3 min read

What I Like About Obsidian

Obsidian is a powerful knowledge management tool built on top of a system of Markdown files located on your computer. No 3rd party server here! Obsidian has become my go to note taking / writing tool over the past year, and here are some of the many reasons why:

Local Markdown Files

As already mentioned, Obsidian utilizes Markdown files located on your computer for each and every note. This makes Obsidian one of the most secure note taking apps because your notes don’t get sent over the internet. And since Markdown is just plain text you’re not getting locked into a company’s proprietary data format. You can open your notes in any app that supports Markdown files. This helps to future proof your notes in the event that Obsidian suddenly goes away (hopefully that doesn’t happen, but you’re safe if it does).

If you do want to have your notes available on multiple devices, there are options available such as Obsidian’s paid sync service, iCloud (if you’re in the Apple ecosystem), or pushing to a Git repository.

Joyful Writing Experience

I’ve never had a note taking app that felt so good to write in. I can’t even put my finger on why that is. From the moment I started writing in Obsidian the words flowed like they never have before, and I’ve been writing in it every day since. This joyful feeling has made it possible for me to consistently write and publish content, first on my old site Productivity Dudes, then here on CreaDev Labs. I don’t fully understand why it feels so good, but I’m grateful it does. I wouldn’t be able to produce the volume of content I’ve been creating without it.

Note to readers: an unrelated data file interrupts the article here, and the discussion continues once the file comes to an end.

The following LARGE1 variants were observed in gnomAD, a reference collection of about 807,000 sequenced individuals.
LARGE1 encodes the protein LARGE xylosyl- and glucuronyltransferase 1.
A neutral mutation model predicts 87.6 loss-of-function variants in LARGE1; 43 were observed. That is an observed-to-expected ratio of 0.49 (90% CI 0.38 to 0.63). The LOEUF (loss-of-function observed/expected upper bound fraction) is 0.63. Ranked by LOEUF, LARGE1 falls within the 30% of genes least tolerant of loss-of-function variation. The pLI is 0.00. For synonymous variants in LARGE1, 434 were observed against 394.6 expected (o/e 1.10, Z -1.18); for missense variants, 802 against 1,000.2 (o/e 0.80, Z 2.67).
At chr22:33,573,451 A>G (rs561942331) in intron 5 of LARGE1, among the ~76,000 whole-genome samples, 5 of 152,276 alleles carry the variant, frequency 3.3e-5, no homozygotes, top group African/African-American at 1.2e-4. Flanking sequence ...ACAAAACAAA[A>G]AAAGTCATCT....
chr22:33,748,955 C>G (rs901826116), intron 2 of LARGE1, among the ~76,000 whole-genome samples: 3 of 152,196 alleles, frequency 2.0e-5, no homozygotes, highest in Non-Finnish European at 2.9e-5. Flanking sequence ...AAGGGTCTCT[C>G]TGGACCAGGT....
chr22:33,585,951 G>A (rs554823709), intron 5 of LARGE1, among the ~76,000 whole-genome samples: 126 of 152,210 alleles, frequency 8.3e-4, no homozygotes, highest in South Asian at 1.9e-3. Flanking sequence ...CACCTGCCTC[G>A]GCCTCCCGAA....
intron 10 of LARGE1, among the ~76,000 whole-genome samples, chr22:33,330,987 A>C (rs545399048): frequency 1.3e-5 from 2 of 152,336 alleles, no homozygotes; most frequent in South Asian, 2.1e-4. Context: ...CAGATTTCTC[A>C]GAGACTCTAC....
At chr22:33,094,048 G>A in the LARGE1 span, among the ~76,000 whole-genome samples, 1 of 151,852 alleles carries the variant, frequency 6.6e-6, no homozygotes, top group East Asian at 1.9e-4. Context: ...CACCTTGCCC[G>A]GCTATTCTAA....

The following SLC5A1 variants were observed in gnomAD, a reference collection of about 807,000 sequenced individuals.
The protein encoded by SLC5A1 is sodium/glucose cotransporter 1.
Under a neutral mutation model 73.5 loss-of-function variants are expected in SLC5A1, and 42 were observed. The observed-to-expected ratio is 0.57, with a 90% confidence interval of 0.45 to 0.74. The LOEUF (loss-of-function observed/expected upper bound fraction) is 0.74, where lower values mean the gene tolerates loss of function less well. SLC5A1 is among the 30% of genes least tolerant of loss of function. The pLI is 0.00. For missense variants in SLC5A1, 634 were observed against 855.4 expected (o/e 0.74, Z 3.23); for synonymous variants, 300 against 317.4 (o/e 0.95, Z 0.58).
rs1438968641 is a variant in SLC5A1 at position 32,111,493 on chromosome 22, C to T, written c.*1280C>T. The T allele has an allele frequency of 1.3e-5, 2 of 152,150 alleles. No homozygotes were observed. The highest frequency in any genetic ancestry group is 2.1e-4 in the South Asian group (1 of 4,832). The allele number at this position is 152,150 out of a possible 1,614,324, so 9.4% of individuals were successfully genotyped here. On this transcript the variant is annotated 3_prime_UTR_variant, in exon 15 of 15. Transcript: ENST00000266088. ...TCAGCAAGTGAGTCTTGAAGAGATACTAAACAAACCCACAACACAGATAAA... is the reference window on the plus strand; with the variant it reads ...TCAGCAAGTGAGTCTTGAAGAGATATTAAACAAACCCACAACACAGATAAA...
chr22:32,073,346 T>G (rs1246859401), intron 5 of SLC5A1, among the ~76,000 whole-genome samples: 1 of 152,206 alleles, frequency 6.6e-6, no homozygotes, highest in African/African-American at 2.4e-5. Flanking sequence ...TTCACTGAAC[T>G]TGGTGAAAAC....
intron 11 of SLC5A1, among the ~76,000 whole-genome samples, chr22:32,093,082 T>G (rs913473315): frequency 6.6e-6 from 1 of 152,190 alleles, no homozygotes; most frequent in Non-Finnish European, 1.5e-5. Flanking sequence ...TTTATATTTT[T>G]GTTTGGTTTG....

Obsidian is incredibly flexible and customizable. The core settings and plugins you get out of the box give you a multitude of options for setting up the app in the way that works best for you. And there is a giant catalogue of different community themes and plugins that extend the base functionality, so there’s virtually no end to what you can do. If you can’t find an existing plugin to add the functionality you want, you can even whip up a plugin or two of your own (if you’ve got patience and some development skills).


One of the main organizational tools in Obsidian is something called a backlink. Backlinks allow you to link your various notes together, which creates connections between your ideas and helps you to develop new insights. The backlinks panel will show you all the notes that link to your current note, and will even show you notes where you’ve mentioned the current note but haven’t explicitly linked to it yet. This is useful for seeing connections between ideas you hadn’t thought of before.

The Graph View

Building on the topic of backlinking, Obsidian gives you a visual representation of all the connections you make between your notes. You can see the graph on a per note basis, or you can view the entirety of your notes all at once. It’s fun to see the web of interconnected thoughts and ideas, but it can be a bit overwhelming. Luckily, the graph comes with filters so you can narrow down the number of notes you see at a time.

A zoomed out view of my knowledge graph. Each dot represents a note; the bigger the dot, the more connections it has.

External Linking

Obsidian gives you the ability to create a link to a singular note so you can link to it from an external app. I use this to link to project notes from my task manager Things 3.

Obsidian truly is an amazing note taking and personal knowledge management app, and it’s completely free to use. You can give it a try yourself by downloading it at https://obsidian.md.